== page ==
It wasn’t the first time, either. Most often, it was a small moment. Fetching a sleeping baby for her scheduled feeding, only to find her awake and staring. Anticipating. When she was learning to walk, Amari would yelp a heartbeat or two before she tipped over. That could be written off as losing balance, but when Uba looked back and put those occasions together with other signs, it made her wonder.
Akane’s talent was not unknown, nor was it widely shared. Lady of the Kanto Empire or not, she would be constantly badgered if too many knew she had the Gift of Sight. Her staff was aware, though, so Uba wasn’t alarmed that Amari was behaving strangely. She had never heard of the Gift so young. But Amari wasn’t a normal child, additional talents or not. Watching now, as small hands were waiting to catch toys that hadn’t yet fallen, the nanny decided it was time.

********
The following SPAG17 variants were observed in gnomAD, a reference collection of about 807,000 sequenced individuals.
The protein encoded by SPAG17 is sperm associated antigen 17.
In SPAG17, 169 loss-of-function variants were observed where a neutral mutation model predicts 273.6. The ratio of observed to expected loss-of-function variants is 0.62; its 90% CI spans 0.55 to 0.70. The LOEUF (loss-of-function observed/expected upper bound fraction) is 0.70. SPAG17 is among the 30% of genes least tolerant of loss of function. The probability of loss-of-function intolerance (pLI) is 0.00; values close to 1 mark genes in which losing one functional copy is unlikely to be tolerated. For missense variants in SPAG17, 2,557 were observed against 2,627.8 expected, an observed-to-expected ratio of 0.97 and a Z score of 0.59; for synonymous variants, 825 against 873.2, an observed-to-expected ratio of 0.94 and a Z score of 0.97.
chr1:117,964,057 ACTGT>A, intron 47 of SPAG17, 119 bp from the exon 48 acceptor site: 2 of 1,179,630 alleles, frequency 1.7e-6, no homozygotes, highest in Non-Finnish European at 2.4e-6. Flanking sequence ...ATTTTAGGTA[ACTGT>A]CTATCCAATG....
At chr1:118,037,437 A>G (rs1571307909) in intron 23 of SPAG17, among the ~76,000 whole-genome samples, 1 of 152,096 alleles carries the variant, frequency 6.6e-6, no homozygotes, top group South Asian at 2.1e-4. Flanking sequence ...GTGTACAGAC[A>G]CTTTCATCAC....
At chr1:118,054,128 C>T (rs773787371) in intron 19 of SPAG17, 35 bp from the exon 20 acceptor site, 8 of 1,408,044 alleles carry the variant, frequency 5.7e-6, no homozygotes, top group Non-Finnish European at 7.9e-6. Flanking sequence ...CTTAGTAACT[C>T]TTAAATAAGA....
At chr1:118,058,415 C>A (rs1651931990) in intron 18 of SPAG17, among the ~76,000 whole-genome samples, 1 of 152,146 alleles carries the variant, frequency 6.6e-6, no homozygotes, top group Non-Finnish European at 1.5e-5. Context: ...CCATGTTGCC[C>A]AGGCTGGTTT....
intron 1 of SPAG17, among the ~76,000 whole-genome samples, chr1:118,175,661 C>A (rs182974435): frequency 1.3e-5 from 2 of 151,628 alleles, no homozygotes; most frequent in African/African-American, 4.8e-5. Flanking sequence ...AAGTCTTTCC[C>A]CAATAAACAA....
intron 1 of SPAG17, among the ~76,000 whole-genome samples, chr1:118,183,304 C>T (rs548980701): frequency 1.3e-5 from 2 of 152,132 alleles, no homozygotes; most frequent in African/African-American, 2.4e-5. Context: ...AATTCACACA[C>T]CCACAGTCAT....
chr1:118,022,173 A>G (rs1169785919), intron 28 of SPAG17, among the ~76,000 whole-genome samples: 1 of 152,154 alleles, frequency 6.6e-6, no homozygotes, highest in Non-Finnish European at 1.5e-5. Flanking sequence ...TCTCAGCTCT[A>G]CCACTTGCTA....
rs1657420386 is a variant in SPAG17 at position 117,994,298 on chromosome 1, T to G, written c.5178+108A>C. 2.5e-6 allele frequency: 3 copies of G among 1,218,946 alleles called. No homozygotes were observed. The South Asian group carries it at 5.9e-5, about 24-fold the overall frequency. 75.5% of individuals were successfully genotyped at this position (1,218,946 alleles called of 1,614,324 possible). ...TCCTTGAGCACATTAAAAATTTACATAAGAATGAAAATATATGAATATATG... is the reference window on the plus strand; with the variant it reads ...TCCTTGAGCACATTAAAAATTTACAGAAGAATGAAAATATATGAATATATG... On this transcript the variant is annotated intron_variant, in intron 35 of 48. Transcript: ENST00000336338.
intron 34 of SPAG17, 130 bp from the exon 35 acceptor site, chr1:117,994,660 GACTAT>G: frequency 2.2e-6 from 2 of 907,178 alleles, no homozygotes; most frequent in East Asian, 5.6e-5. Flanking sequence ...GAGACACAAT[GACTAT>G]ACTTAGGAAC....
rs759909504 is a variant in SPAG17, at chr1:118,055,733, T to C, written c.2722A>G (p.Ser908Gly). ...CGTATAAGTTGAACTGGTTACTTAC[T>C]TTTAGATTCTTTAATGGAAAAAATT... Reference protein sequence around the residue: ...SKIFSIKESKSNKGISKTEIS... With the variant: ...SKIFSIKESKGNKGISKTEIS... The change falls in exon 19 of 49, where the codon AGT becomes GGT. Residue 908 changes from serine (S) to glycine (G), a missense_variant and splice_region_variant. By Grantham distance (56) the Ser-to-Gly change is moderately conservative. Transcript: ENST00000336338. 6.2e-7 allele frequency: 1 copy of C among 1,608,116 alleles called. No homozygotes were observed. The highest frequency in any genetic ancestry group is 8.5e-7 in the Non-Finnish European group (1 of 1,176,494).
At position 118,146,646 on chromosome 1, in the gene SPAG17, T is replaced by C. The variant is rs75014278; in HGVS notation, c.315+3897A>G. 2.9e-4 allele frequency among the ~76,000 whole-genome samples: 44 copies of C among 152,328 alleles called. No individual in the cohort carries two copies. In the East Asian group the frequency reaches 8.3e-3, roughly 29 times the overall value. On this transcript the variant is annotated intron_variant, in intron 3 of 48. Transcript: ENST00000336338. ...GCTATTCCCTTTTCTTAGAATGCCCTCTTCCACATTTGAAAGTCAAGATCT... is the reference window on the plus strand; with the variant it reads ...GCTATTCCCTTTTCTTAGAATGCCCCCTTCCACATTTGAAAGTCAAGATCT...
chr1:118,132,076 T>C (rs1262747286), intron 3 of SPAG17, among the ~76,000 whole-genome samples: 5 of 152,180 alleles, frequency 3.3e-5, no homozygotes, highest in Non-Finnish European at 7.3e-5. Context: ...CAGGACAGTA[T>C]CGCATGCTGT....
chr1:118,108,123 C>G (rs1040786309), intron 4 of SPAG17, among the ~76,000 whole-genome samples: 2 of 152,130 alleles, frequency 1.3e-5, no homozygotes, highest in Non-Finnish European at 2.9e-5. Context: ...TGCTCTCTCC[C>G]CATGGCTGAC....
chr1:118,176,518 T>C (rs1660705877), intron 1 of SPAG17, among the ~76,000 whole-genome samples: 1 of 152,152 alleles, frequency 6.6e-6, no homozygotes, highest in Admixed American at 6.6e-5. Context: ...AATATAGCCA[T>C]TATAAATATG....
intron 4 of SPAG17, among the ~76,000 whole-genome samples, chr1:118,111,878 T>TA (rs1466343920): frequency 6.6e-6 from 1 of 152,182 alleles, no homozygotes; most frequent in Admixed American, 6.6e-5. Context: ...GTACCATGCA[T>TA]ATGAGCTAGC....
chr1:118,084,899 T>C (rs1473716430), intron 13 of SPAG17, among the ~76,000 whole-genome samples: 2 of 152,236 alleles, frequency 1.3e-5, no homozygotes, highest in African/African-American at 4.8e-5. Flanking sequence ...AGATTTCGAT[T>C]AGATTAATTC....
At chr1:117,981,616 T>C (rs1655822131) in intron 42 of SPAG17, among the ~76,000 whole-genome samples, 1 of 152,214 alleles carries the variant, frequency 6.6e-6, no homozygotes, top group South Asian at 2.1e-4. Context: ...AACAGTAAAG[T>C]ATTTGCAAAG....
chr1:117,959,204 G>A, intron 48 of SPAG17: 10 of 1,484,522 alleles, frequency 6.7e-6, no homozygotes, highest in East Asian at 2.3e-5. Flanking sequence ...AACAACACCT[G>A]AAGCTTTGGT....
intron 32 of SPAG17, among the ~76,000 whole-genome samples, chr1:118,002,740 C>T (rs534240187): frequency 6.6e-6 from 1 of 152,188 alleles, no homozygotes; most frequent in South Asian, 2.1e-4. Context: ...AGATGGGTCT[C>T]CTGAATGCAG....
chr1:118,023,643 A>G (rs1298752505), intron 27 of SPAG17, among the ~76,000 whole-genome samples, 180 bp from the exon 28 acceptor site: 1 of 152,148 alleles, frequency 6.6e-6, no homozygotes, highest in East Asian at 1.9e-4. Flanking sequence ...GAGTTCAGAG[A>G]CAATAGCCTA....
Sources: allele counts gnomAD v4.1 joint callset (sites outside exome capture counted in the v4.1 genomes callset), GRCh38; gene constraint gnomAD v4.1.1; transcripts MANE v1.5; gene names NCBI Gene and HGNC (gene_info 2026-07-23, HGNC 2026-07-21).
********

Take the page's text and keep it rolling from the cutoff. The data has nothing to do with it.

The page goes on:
Uba knocked gently on the frame of the shoji door. She could see the shadowy form of her mistress moving about, but was hesitant to intrude. Akane-sama had so little time to herself. But it was a warm and welcoming voice that responded with a simple, “Hai.” Uba moved gracefully to her knees and slid the door open.
“Akane-sama, please excuse my interruption.”
“Think nothing of it. What concerns you?”
“It is Amari-chan. I believe she is showing signs of your Gift.”
Akane set down the datapad she had been reading, “Show me.”